A Brief History of Life Inside the Presidential 'Bubble'

Wanna know why Bill Clinton hates Barack Obama so much? Because our Hopey President-elect is basically rerunning the entire script of Clinton's '92 campaign, including the Obama meme-of-the-day: chafing at life inside "the bubble."

The first person we could find to describe presidential life as living inside a bubble was, of all people, Ronald Reagan's oldest son Michael, who told UPI in 1983 that he was entering a Lake Michigan speedboat race to avoid getting "stuck in the presidential bubble."

But the term didn't really take off until 1992 when "security bubble" became a campaign coverage cliche, largely pushed by Clinton partisans, as a way to delineate elite George Bush (who didn't know the price of a gallon of milk) from the effusive friend-of-the-people Clinton (who liked to drop by McDonalds during his jogs). Here's Andrew Rosenthal writing in the New York Times in March of 1992:

Moving from the hermetically sealed, high-security bubble of President Bush's entourage to Gov. Bill Clinton's campaign is a journey through the political looking glass. It is not hard to imagine the two candidates standing on opposite sides of the mirror, looking at reflections distorted by politics and circumstances but in many ways the same.

Politico uses Obama's spontaneous trip with his daughters to a water-park last Friday to claim that "Obama seems to be struggling particularly hard, particularly early" with his new bubble life. But there again, Clinton did it first.

In Clinton's very first news conference after the election, Clinton was already worrying about whether he could keep up the level of accessibility he had during his campaign. "I'm a real sort of informal person," the boy from Hope lamented to reporters, according to the A.P.. "We went out of our way to demonstrate ... that we can be genuinely accessible to the American people."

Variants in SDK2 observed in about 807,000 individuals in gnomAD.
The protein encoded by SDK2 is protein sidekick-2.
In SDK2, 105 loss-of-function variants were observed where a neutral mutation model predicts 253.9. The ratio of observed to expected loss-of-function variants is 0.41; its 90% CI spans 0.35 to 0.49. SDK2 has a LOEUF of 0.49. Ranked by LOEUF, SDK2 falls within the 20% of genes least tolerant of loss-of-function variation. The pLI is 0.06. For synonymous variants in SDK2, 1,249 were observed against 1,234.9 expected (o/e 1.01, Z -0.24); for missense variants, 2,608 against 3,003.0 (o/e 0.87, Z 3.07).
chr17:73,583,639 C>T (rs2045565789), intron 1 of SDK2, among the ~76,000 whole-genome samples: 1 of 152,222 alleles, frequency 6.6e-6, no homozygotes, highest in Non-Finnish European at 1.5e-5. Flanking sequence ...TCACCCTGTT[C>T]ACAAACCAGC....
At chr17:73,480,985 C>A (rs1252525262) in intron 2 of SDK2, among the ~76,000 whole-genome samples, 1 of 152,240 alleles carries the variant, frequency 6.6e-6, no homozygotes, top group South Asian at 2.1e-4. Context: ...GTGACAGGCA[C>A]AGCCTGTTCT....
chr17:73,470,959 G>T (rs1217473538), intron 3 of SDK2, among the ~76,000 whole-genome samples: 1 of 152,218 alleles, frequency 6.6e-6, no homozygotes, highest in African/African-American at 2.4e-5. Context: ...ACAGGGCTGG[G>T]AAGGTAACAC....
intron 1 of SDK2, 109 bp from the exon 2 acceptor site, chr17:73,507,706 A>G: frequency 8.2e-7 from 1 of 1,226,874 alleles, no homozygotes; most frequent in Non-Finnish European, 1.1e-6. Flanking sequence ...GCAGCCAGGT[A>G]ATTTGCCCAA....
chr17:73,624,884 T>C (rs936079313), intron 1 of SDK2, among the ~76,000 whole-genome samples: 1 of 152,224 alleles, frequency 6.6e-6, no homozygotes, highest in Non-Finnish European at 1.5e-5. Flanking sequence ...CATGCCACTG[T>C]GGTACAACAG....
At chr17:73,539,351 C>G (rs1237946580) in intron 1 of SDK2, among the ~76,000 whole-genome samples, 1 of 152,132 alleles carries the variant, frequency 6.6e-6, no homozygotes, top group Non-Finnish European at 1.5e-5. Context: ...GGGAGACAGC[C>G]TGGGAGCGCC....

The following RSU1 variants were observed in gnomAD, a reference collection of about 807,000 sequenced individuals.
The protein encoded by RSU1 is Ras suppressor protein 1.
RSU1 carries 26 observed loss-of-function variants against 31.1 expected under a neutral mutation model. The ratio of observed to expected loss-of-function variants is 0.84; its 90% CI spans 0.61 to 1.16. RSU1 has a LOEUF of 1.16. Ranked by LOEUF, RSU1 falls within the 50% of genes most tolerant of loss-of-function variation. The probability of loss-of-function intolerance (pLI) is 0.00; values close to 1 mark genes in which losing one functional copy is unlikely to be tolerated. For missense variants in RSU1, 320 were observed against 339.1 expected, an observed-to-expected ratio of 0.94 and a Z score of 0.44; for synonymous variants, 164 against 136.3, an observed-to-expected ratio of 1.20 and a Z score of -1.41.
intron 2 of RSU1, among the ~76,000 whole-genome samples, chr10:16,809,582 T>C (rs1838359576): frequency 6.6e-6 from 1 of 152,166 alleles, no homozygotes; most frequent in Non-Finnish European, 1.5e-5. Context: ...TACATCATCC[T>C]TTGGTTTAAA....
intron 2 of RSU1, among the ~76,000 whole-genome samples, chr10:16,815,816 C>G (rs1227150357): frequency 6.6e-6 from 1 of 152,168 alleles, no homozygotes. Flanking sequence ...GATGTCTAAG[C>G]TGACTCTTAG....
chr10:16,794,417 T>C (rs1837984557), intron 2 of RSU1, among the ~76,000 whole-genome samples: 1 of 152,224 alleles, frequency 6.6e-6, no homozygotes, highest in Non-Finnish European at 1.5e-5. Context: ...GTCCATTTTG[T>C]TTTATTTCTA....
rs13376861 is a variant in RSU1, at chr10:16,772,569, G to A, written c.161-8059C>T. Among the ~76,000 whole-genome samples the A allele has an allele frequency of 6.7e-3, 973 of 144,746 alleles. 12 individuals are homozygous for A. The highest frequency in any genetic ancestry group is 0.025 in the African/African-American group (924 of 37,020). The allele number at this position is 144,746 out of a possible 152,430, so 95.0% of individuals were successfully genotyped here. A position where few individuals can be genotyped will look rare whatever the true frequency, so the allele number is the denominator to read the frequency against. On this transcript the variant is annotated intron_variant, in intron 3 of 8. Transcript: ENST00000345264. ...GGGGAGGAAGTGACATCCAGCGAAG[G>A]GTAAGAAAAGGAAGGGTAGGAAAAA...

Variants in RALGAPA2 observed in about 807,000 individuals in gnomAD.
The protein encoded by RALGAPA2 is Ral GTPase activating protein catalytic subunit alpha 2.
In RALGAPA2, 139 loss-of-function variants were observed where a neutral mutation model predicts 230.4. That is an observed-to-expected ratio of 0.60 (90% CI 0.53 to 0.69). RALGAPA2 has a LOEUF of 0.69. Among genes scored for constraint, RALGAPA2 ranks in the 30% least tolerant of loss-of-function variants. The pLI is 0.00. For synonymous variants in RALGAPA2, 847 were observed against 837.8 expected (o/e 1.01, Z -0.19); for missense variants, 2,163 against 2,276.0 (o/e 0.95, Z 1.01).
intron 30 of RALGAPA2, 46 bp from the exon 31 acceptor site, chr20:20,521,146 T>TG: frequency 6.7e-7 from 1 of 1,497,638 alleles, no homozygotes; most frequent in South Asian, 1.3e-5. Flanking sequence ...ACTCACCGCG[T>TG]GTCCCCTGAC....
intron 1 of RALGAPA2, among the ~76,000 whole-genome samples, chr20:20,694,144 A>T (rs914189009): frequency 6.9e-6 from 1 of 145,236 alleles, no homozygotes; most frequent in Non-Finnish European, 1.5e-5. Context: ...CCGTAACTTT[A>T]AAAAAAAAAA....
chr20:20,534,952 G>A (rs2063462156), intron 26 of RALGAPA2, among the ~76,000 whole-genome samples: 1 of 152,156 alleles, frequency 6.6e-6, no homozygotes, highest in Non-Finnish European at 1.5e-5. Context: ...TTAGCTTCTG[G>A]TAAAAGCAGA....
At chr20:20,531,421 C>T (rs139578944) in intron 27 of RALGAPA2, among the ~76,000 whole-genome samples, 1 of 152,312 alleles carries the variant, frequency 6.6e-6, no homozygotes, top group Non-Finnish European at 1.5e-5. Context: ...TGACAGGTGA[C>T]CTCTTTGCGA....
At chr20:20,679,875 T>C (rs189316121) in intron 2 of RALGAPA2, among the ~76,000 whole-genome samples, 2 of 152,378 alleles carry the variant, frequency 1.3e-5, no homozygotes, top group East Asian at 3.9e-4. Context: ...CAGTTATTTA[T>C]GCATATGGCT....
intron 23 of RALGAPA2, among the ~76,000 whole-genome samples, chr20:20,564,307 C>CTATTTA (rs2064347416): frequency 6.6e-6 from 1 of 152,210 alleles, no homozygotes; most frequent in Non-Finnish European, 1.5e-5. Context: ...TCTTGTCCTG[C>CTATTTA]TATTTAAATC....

A week before Clinton was sworn in, he set down the definition of just why the bubble was so pernicious during an interview with Arkansas reporters:

Q: Given your gregarious nature, Governor, I know that others worry about your safety. Do you worry about that now, going into this job?

PRESIDENT-ELECT CLINTON: Not much, just because there's not much I can do about it. I mean, I think the Secret Service does a fine job. Goodness knows my life is more restricted now than ever before. I do think there are ways that I can keep in touch with people and accommodate their security concerns and we're looking for those. I do want to listen to them to some extent.

You can't let the security bubble shut you down. I mean, it's hard enough to stay in touch with people as it is. Not always easy as governor. It's easy as a governor to get out of touch, but it's hard in a state like Arkansas where everybody calls you by your first name and you're supposed to run the office like a country store. I mean, it's different.

But there, where most people assume they should not see the president and where it's literally impossible for the president to personally see more than a certain number of people every day, or to talk to more than a certain number of people on the phone, you could just live your whole life in that bubble.
I mean, you live in the White House, you just go to Camp David where there's nobody else and you go around in an armored car and you fly in Air Force One, and you just — you have — there has to be ways for the president to stay in touch with the pulse of America. It's not just that I enjoy it, although I do.
It is very important because I think a lot of people — I think President Bush, for example, wanted to do a good job and I think really missed the level of misery and anxiety people had on the economy for a long time just because the way the presidents spend their days.

Ultimately, of course, it wasn't a "security bubble" that swallowed Clinton's presidency, but rather a legal one after Ken Starr and his investigators closed in. And here lies the real reason that Clinton must hate Obama so much: as long as Barack keeps his dick in his pants, he has the chance to live up to the potential that Clinton squandered for a blow job from an intern.